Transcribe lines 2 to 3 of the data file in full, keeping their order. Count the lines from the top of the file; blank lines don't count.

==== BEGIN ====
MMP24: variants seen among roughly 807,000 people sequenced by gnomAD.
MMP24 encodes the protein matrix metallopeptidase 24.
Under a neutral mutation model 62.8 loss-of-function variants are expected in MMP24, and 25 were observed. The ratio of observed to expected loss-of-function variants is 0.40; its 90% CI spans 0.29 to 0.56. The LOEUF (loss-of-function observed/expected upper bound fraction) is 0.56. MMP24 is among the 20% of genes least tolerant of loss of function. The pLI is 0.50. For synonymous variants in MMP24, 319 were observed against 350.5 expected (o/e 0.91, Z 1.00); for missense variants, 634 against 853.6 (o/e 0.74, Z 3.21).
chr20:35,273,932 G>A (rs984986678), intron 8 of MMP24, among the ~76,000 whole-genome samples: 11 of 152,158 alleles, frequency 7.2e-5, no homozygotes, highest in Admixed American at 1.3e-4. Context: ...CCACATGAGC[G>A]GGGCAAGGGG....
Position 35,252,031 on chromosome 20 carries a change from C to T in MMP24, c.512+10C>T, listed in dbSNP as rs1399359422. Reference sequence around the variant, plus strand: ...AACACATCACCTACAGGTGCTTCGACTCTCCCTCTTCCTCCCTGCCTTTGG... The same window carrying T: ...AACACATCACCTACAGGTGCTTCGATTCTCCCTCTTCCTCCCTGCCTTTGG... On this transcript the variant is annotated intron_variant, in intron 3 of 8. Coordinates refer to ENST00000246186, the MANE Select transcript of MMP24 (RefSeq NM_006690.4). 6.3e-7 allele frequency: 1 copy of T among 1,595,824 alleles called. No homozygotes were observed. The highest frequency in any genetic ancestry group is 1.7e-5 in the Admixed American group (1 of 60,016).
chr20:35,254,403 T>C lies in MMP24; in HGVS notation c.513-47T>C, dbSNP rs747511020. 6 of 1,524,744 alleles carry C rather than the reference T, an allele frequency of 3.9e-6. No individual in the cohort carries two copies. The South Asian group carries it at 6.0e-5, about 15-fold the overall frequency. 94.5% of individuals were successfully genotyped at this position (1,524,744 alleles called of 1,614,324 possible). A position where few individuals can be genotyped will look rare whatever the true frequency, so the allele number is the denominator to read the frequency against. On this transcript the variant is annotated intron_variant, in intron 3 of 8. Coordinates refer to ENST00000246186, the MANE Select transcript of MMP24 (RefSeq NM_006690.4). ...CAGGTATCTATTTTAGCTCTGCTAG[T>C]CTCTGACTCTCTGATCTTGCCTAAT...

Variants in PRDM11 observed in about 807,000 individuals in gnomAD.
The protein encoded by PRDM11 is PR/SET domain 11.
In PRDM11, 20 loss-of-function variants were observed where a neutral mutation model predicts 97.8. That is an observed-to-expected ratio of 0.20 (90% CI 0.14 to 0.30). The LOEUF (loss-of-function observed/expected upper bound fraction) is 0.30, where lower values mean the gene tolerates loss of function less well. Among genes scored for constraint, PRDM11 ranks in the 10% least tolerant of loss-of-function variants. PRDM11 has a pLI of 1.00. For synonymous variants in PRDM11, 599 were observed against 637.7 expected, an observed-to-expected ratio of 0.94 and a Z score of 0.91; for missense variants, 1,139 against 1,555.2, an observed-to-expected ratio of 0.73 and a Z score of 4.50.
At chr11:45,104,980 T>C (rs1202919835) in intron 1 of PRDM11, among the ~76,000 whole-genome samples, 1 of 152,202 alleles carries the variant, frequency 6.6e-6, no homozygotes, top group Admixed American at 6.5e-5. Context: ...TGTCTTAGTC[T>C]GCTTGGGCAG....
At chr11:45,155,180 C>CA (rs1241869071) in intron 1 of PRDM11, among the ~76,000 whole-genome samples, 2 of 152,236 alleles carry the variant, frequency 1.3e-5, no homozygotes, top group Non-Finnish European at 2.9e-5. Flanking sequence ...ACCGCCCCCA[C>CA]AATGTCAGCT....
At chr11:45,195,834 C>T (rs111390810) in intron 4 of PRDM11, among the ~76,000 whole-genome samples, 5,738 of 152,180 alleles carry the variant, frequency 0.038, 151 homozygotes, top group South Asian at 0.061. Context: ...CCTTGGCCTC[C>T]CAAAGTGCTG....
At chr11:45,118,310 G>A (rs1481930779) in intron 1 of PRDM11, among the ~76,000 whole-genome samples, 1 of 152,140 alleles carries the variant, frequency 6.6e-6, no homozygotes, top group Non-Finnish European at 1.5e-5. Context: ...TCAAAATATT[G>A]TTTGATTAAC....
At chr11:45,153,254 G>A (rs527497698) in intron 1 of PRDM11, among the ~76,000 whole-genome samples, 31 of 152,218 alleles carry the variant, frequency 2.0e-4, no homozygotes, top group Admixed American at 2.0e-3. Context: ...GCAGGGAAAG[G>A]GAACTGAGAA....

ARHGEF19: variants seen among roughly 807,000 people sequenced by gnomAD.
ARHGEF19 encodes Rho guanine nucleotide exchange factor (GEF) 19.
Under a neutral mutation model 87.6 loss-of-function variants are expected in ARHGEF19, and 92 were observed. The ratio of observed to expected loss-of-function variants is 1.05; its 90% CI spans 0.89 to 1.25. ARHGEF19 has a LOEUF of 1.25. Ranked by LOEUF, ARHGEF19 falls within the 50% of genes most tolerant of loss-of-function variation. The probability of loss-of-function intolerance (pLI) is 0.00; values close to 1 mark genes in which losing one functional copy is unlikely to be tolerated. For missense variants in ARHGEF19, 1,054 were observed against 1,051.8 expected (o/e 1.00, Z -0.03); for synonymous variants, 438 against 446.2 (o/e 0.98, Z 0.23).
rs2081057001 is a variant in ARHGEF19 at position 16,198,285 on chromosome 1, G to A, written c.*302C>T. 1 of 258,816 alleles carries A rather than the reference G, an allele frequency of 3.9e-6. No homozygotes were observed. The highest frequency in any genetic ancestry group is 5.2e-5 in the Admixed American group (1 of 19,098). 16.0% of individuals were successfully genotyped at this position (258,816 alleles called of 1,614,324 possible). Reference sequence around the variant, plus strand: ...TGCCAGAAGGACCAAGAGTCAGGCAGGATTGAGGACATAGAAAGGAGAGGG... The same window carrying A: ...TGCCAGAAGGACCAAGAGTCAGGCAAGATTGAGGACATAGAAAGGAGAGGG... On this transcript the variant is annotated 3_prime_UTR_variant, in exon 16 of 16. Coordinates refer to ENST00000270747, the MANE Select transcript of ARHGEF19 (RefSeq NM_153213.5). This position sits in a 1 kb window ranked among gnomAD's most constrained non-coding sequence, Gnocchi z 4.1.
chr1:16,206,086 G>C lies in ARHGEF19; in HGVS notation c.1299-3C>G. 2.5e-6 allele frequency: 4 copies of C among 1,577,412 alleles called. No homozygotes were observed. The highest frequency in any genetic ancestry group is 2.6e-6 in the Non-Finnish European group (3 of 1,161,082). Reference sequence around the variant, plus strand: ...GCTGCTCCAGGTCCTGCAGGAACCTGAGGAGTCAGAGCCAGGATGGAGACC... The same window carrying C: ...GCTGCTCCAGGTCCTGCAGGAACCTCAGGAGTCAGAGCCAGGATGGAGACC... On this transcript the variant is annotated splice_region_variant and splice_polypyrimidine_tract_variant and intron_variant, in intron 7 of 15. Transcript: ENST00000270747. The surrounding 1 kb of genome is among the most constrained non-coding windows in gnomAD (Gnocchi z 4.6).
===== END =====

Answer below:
MMP24 encodes the protein matrix metallopeptidase 24.
Under a neutral mutation model 62.8 loss-of-function variants are expected in MMP24, and 25 were observed. The ratio of observed to expected loss-of-function variants is 0.40; its 90% CI spans 0.29 to 0.56. The LOEUF (loss-of-function observed/expected upper bound fraction) is 0.56. MMP24 is among the 20% of genes least tolerant of loss of function. The pLI is 0.50. For synonymous variants in MMP24, 319 were observed against 350.5 expected (o/e 0.91, Z 1.00); for missense variants, 634 against 853.6 (o/e 0.74, Z 3.21).